The conflict between Israelis and Palestinians is regarded by many as being no more than a territorial dispute, and one which should therefore be open to a territorial solution.
This underlies efforts to bring about a two-state solution and much of left-wing antagonism to Israel as an oppressor of Palestinian aspirations and rights.
Although it is undoubtedly true that this struggle has strong territorial dimensions, its religious aspect should not be ignored. It is suggested that it is this component in particular that accounts for much of Muslim hatred and violence toward Israelis and Jews.
Where does Islamic hatred come from?
The Koran has mixed sentiments regarding Jews, and one finds there both complementary and anti-Jewish statements, although significantly more of the latter. However, it is particularly in relation to Islamic eschatology (the End of Days) that much hatred toward Jews may emanate.
Islamic eschatological literature was not particularly anti-Jewish in its early days, in that it was the Byzantines who were regarded as the enemies of Islam and not Jews. An exception is a particularly odious hadith (a part of the Islamic oral tradition). This hadith even made its way into the 1988 Hamas Covenant before it was judiciously removed:
“The Day of Judgment will not come about until Muslims fight the Jews when the Jews will hide behind stones and trees. The stones and trees will say ‘O Muslims, O Abdullah [servant of Allah], there is a Jew behind me, come and kill him.’”
Since the Six-Day War, there has been a profusion of Islamic eschatological literature. Whereas in the past this material was composed by Muslim scholars, this older literature has been brought up to date by non-scholastic writers. These books are widely read, even to the extent of becoming bestsellers. All are virulently antisemitic and may incorporate ideas from the infamous Protocols of the Elders of Zion, as well as this early hadith about killing Jews.
The precise details depend on the author, but a common scenario is that there will be a Muslim caliphate prior to the Day of Judgment. This caliphate will be led by either a messianic-type figure called the Mahdi, or by Jesus who has become a Muslim, and he will battle a Jewish anti-Christ.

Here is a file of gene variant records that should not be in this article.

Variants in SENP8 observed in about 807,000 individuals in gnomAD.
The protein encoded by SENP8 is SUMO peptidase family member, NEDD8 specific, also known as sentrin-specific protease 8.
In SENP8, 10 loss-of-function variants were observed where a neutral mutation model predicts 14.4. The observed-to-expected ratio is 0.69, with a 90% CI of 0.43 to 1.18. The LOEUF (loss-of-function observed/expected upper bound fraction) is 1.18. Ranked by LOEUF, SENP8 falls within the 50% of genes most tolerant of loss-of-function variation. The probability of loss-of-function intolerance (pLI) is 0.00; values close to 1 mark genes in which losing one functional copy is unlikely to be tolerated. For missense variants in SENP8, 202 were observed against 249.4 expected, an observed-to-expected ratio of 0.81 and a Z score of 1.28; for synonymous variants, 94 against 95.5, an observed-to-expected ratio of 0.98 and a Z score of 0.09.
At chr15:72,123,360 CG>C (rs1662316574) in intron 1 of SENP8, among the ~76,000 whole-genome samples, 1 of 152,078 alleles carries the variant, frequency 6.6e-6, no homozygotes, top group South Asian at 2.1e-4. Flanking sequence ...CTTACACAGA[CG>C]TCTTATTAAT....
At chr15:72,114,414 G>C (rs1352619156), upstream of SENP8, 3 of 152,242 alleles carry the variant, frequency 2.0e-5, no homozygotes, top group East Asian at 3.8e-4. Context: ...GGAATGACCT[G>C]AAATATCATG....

However, none of this can proceed as long as there is a Jewish state in the middle of the Ummah (the Islamic world). From this perspective, the Jewish state can even be considered to be delaying the final Islamic eschatological vision. This literature has been extensively reviewed by the scholar David Cook in his excellent book, Contemporary Muslim Apocalyptic Literature.
The notion that the State of Israel has to be eliminated is held by Sunni movements, such as Hamas and the Islamic Brotherhood, of which Hamas is a part. It is also held by messianic Shi’ite movements, such as Hezbollah and the Islamic Republic of Iran.
Where do West Bank Palestinians stand in relation to this?
To my knowledge, no survey of Palestinian eschatological beliefs has been carried out. Nevertheless, there is much circumstantial evidence that the Palestinians view their conflict with Israel with a considerable religious overlay.
Mahmoud Abbas, president of the Palestinian Authority, has given voice to the religious dimension of this struggle. He is quoted as saying to Palestinian students: “Allah, the Supreme, spoke the truth. We will continue to stand firm and carry out ribat [religious war for Muslim control] in Jerusalem and its surroundings until Judgment Day. Then the believers will rejoice in the victory of Allah.”